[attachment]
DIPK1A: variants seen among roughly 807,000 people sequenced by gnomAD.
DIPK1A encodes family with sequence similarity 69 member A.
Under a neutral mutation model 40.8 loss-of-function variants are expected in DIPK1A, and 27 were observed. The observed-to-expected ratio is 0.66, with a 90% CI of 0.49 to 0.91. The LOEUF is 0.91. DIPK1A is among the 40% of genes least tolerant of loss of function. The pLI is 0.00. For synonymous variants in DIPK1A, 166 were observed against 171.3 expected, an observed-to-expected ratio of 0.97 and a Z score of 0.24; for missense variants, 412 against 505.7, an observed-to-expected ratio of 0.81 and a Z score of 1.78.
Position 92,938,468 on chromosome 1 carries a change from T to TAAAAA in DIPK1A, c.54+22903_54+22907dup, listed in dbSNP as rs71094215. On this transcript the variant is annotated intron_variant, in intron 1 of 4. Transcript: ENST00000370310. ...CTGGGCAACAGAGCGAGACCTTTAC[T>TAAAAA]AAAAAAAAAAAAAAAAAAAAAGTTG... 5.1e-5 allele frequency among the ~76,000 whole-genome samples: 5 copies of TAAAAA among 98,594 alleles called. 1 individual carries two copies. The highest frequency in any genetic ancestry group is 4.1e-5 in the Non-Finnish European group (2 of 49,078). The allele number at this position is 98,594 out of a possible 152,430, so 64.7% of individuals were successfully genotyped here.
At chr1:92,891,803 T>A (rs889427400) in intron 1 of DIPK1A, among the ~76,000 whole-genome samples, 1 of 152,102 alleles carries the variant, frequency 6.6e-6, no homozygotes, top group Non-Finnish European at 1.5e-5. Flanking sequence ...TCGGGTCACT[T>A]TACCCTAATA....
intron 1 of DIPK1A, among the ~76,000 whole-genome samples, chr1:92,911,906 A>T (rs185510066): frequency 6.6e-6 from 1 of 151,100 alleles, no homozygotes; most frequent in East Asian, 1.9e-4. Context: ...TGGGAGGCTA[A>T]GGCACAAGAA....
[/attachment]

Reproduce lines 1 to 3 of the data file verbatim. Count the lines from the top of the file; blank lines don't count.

DIPK1A: variants seen among roughly 807,000 people sequenced by gnomAD.
DIPK1A encodes family with sequence similarity 69 member A.
Under a neutral mutation model 40.8 loss-of-function variants are expected in DIPK1A, and 27 were observed. The observed-to-expected ratio is 0.66, with a 90% CI of 0.49 to 0.91. The LOEUF is 0.91. DIPK1A is among the 40% of genes least tolerant of loss of function. The pLI is 0.00. For synonymous variants in DIPK1A, 166 were observed against 171.3 expected, an observed-to-expected ratio of 0.97 and a Z score of 0.24; for missense variants, 412 against 505.7, an observed-to-expected ratio of 0.81 and a Z score of 1.78.